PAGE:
If you are a researcher who is interested in working with COVID-19 vaccine-injured people, please contact us via email@example.com to discuss our research priorities.
There is an emerging body of research evidence around COVID-19 vaccine injuries. React19 maintains a list of 1,250+ of these publications.
Here are a few select publications and resources:
S-protein responsible for Long Covid and Long Vaccine Syndrome
The following review article summarises the leading theories, and makes the connection that both Long Covid and Long Vaccine Syndrome are triggered by the same S-protein found in SARS-CoV-2 and vaccines:
- “The rationale for the treatment of long-Covid symptoms – A cardiologist’s view”, Frontiers in Cardiovascular Medicine, 15 September 2022, doi:10.3389/fcvm.2022.992686
And this next article delves a little deeper into potential biomolecular mechanisms leading to spike protein adverse events:
- “Adverse effects of COVID-19 mRNA vaccines: the spike hypothesis”, Trends in Molecular Medicine, 20 April 2022, doi:10.1016/j.molmed.2022.04.007
Seeing the evidence of causality
The National Institute of Neurological Disorders and Stroke (NINDS) in the USA studied a small group of vaccine-injured patients with significant neurological complications. Their investigations found clear evidence of causality.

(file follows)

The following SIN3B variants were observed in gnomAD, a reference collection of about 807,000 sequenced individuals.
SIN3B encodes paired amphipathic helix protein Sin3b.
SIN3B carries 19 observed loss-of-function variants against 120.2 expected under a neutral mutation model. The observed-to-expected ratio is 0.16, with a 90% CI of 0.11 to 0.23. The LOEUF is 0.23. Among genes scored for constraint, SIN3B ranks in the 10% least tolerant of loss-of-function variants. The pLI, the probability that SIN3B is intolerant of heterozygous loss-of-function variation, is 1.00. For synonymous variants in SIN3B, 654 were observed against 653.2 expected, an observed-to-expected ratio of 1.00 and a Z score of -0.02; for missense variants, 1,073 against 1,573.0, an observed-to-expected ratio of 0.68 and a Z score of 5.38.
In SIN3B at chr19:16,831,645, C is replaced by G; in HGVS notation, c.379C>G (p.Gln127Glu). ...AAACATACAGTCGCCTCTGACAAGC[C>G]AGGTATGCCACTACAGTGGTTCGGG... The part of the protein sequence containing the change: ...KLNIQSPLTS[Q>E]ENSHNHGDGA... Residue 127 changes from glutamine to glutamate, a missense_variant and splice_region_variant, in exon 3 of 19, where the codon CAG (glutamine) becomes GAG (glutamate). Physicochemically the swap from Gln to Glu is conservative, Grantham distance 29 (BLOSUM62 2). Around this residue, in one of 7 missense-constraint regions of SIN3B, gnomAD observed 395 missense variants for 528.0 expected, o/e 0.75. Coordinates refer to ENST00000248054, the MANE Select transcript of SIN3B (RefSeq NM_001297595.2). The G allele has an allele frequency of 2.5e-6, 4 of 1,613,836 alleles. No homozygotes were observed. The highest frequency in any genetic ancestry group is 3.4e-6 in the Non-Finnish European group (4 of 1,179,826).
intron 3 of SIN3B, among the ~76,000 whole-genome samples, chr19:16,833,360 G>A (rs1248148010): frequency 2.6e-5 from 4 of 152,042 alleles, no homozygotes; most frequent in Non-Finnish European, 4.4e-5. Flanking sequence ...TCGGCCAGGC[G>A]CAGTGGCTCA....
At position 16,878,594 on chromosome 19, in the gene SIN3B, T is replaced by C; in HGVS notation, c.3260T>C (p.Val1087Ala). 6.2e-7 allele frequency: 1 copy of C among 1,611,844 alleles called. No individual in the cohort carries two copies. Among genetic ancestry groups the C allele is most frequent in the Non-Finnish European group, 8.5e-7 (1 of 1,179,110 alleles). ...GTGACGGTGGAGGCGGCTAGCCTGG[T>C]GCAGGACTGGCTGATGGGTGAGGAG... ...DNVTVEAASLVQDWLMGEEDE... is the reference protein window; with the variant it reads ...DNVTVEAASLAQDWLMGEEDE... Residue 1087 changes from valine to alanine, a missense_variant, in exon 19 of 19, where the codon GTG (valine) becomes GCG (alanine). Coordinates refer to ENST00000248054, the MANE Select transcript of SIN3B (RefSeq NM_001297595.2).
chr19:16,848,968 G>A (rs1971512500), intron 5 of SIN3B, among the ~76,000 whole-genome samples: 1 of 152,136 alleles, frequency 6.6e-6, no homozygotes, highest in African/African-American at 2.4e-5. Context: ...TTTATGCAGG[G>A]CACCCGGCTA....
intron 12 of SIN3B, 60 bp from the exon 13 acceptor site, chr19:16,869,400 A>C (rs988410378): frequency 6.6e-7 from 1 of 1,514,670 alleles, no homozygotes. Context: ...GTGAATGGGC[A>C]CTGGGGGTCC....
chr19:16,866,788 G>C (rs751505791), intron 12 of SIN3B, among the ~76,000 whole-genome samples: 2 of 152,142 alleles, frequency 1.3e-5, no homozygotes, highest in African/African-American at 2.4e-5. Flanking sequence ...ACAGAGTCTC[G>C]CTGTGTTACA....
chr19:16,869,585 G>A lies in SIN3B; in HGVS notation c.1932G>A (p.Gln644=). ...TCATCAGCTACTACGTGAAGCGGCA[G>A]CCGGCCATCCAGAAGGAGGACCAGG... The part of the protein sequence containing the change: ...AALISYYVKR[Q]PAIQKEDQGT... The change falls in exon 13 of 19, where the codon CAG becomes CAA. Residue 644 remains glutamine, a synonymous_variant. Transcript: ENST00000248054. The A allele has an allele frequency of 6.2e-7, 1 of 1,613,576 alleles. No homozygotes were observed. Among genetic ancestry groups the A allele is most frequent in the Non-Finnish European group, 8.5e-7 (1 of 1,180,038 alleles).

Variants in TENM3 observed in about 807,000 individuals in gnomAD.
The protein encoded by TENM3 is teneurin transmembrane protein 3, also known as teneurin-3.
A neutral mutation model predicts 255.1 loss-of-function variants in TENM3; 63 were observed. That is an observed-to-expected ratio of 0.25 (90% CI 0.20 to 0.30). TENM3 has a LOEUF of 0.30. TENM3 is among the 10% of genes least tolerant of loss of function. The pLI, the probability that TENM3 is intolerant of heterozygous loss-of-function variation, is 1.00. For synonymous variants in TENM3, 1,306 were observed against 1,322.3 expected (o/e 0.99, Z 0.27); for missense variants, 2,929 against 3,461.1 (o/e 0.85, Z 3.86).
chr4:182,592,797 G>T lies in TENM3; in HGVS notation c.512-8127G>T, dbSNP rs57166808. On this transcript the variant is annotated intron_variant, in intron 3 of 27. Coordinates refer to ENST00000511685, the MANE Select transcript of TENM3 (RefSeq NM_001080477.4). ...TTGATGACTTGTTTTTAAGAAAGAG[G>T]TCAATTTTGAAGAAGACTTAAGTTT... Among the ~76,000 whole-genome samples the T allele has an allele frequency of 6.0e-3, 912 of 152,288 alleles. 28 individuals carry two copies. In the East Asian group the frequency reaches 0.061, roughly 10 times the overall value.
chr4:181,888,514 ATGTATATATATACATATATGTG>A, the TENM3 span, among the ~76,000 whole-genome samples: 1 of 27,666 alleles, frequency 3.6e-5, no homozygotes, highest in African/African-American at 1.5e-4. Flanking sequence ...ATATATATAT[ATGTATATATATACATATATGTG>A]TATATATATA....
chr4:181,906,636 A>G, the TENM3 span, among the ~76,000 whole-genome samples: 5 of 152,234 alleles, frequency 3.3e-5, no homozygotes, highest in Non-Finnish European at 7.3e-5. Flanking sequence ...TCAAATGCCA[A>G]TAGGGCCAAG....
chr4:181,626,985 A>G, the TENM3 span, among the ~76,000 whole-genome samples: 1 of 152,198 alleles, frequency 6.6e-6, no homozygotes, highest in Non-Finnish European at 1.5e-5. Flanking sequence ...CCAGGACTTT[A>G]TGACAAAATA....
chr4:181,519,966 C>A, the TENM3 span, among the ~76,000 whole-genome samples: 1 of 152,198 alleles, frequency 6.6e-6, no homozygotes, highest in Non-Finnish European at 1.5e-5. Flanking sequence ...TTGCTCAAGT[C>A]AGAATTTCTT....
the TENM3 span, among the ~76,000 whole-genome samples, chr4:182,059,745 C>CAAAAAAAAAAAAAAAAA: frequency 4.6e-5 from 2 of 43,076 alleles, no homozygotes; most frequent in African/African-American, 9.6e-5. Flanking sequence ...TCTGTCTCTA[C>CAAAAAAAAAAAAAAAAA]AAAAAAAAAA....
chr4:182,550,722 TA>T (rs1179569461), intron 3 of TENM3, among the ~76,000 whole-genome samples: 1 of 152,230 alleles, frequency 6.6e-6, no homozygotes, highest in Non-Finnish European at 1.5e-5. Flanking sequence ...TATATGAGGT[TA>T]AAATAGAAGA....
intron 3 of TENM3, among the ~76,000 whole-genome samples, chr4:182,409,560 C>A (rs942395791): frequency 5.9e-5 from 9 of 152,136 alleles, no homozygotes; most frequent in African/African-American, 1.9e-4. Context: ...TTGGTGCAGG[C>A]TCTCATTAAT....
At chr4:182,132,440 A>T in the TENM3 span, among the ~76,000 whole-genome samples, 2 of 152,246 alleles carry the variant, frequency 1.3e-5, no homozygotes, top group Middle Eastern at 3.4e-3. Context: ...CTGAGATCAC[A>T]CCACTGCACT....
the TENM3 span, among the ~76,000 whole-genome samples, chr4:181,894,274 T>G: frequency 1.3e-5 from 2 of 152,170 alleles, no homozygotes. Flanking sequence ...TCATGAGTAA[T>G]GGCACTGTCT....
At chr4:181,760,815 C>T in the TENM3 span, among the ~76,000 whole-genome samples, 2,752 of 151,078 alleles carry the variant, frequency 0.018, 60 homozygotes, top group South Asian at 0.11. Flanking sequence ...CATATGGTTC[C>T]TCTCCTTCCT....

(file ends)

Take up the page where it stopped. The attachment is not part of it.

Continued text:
- “Neuropathic symptoms with SARS-CoV-2 vaccination”, medRxiv preprint, 17 May 2022, doi:10.1101/2022.05.16.22274439
(note: the authors’ claim that these patients have been successfully treated with corticosteroids and/or intravenous immunoglobulin is misleading, as most of the patients are still suffering ongoing symptoms more than a year after treatment)
Serious adverse events of special interest are not rare
In a reanalysis of the combined clinical trial data from Pfizer and Moderna, the following paper demonstrates that serious adverse events of special interest (AESI) may be occurring at a rate of at least 1-in-800:
- “Serious adverse events of special interest following mRNA COVID-19 vaccination in randomized trials in adults”, Vaccine, 22 September 2022, doi:10.1016/j.vaccine.2022.08.036
Analysis of adverse event databases also indicates that the rate of adverse events is significantly higher for COVID-19 vaccines than the annual flu vaccine:
- “Frequency and Associations of Adverse Reactions of COVID-19 Vaccines Reported to Pharmacovigilance Systems in the European Union and the United States”, Frontiers in Public Health, 3 February 2022, doi:10.3389/fpubh.2021.756633.
We try to keep up-to-date with current patient surveys and studies, and would appreciate any information you have on research that our community can participate in.